In addition to learning to appreciate the culture and traditions of the foreign country that you are in, you also are more likely to strike up conversations with other fellow foreigners, including those from your own country as well as other nations. Many are people you would never have thought to talk to at home, but in a foreign country, not only are there fewer people that speak your language but all of you are also bonded by the common challenge of survival in an unfamiliar society. And as you get to know various individuals, you learn that people are not always as they appear to be.
These are the benefits of programs like Fulbright and the Peace Corps, and the closure of such programs translates into the loss of these types of opportunities for Americans.
My own experiences abroad taught me that neither age, socioeconomic background, nationality, nor language is a barrier to friendships. Some of my best memories from living in Asia are of conversations, meals and trips with those from very different backgrounds – people who were decades older than me, local residents with viewpoints and beliefs completely unfathomable to me and other foreigners who spoke next to no English. From debates on English grammar with South African colleagues to karaoke with Korean and Japanese classmates to sightseeing with Russian friends, all of these experiences taught me to appreciate the breadth of diversity in others and inspired me to form friendships both abroad and at home with people that I previously would have shied away from because of our differences.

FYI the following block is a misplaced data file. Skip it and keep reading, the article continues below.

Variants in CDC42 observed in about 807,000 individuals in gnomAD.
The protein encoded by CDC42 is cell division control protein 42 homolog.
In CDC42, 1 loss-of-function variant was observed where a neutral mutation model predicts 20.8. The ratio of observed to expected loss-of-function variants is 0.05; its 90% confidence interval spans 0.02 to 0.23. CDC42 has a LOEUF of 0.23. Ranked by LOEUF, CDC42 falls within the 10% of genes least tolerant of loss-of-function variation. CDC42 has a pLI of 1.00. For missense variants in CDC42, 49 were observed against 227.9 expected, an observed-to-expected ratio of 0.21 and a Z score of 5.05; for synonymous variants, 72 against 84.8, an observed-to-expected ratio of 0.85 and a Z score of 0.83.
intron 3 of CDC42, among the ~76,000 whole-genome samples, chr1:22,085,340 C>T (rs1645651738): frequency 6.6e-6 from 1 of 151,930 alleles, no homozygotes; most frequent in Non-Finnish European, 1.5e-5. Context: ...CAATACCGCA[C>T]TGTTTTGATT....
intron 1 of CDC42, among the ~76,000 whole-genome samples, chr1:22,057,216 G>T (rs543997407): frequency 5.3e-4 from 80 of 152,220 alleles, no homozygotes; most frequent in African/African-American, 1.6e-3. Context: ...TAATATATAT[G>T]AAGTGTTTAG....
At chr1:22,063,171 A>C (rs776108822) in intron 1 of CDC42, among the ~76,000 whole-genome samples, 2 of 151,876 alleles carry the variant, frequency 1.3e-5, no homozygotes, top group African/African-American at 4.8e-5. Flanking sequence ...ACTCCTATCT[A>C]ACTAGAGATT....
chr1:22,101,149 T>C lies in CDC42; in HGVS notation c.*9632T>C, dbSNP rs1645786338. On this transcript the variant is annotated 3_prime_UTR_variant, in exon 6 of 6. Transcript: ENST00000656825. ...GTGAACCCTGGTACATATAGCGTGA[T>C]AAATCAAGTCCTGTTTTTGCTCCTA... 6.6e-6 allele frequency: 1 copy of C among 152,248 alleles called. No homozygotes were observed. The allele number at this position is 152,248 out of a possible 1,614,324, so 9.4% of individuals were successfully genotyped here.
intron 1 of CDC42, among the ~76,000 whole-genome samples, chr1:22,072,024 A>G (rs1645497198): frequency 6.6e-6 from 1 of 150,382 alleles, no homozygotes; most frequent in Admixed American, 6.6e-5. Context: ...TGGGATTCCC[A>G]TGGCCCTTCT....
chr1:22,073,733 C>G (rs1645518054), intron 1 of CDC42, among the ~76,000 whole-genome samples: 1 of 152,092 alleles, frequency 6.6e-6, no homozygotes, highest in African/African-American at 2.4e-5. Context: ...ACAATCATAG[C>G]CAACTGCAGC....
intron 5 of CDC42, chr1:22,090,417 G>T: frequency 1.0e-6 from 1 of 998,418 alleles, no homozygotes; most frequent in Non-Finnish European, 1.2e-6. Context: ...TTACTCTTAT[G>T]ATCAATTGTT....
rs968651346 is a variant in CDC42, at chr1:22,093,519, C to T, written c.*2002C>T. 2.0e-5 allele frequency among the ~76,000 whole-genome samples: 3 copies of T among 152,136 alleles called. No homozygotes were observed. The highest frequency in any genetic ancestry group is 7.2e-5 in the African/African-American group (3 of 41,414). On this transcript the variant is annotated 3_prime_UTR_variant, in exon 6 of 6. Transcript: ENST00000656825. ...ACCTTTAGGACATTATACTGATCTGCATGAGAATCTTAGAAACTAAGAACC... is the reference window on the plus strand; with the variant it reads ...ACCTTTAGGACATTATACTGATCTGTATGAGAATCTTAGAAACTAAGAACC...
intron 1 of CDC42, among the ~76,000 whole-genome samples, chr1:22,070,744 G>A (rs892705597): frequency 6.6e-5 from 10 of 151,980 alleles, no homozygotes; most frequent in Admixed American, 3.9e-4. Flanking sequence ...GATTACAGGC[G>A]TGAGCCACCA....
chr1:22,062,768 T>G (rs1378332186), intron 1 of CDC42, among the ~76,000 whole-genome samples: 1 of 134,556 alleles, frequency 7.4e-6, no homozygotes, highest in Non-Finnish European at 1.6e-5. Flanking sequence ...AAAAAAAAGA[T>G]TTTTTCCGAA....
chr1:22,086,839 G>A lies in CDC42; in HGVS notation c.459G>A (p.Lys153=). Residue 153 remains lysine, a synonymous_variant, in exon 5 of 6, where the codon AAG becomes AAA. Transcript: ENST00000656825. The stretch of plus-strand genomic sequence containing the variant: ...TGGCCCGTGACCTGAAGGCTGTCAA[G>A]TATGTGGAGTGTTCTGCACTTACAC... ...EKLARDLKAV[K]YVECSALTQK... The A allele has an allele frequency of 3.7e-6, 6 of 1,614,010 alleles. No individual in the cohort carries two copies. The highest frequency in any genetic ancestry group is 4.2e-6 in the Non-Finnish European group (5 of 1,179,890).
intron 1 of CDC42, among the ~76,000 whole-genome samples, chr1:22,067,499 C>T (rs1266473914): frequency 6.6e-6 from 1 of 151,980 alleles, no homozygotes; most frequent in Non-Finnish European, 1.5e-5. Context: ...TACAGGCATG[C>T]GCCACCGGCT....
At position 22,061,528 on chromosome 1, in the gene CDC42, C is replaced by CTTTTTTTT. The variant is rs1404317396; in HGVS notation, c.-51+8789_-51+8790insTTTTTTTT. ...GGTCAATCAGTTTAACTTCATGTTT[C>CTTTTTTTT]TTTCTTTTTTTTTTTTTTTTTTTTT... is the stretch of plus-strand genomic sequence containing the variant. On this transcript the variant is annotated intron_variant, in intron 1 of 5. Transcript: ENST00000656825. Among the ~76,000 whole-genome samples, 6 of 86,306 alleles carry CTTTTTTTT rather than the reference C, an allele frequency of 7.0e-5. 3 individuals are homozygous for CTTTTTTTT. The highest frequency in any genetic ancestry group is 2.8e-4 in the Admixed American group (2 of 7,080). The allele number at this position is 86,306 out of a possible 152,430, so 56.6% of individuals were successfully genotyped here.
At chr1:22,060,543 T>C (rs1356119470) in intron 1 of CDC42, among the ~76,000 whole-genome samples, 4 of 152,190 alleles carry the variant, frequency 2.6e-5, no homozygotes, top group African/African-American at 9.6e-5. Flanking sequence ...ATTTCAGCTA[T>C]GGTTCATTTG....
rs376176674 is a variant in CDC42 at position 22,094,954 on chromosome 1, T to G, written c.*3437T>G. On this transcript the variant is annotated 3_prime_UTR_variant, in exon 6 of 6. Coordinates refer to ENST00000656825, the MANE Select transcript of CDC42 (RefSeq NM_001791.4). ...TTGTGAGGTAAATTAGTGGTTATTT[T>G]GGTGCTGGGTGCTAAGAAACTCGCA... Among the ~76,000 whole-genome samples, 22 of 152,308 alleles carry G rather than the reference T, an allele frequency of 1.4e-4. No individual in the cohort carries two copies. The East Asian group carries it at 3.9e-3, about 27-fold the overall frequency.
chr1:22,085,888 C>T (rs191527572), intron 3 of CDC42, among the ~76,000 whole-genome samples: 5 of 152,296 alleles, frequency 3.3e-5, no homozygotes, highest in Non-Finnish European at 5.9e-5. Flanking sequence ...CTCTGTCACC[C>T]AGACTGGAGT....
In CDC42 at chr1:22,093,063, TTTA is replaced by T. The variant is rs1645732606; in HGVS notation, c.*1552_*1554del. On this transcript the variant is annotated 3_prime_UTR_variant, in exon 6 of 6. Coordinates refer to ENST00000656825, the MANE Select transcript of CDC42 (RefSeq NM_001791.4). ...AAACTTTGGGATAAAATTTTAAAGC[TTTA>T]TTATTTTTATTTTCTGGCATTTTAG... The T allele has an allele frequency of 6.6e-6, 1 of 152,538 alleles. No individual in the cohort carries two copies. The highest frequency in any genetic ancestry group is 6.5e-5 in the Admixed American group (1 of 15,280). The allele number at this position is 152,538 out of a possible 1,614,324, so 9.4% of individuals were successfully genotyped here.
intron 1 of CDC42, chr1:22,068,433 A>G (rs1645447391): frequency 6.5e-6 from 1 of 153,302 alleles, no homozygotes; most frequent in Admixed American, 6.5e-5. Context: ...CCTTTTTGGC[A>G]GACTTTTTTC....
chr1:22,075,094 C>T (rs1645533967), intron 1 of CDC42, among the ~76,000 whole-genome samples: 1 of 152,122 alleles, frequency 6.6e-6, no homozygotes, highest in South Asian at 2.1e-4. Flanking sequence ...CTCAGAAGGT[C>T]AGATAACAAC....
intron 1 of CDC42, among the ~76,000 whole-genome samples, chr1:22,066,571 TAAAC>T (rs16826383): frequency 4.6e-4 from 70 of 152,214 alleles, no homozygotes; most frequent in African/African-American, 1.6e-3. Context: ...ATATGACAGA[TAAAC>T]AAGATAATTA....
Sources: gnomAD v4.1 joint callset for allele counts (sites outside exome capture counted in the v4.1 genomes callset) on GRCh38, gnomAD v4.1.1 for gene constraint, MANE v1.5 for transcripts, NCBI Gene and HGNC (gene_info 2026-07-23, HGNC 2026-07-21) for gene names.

Experiences abroad, like mine, help teach that every individual has a different story, background and experience, and people bring that more open, tolerant, inclusive, and accepting world view back home with them. At its extreme, racism takes the form of violent hate crimes. On a more physically harmless but nonetheless problematic level, racism is simply the view that everyone of a certain race shares or lacks one or more characteristic traits or qualities – for example, the conflating of all individuals of Chinese or Asian descent with the Chinese Communist Party or the opinion that someone of Asian descent can never be an “American.” Living abroad mitigates all of this.
The United States needs to invest in multiple approaches and angles to managing racial tensions, prejudice, and intolerance. Restoring the Fulbright and Peace Corps programs in China would be a first step in the right direction and would further pave a path to expand existing programs and to develop new initiatives that encourage Americans from all different socioeconomic and ethnic backgrounds to study or work abroad. Expanding such opportunities – and ensuring that all Americans, not only those from more elite backgrounds, have access to international experiences – will take significant financial resources, time and effort. But so will addressing race relations and creating a country that is open, tolerant and diverse – and in doing so, building a United States that, as former President George H. W. Bush once put it, is truly “a nation of communities … a brilliant diversity spread like stars, like a thousand points of light in a broad and peaceful sky.”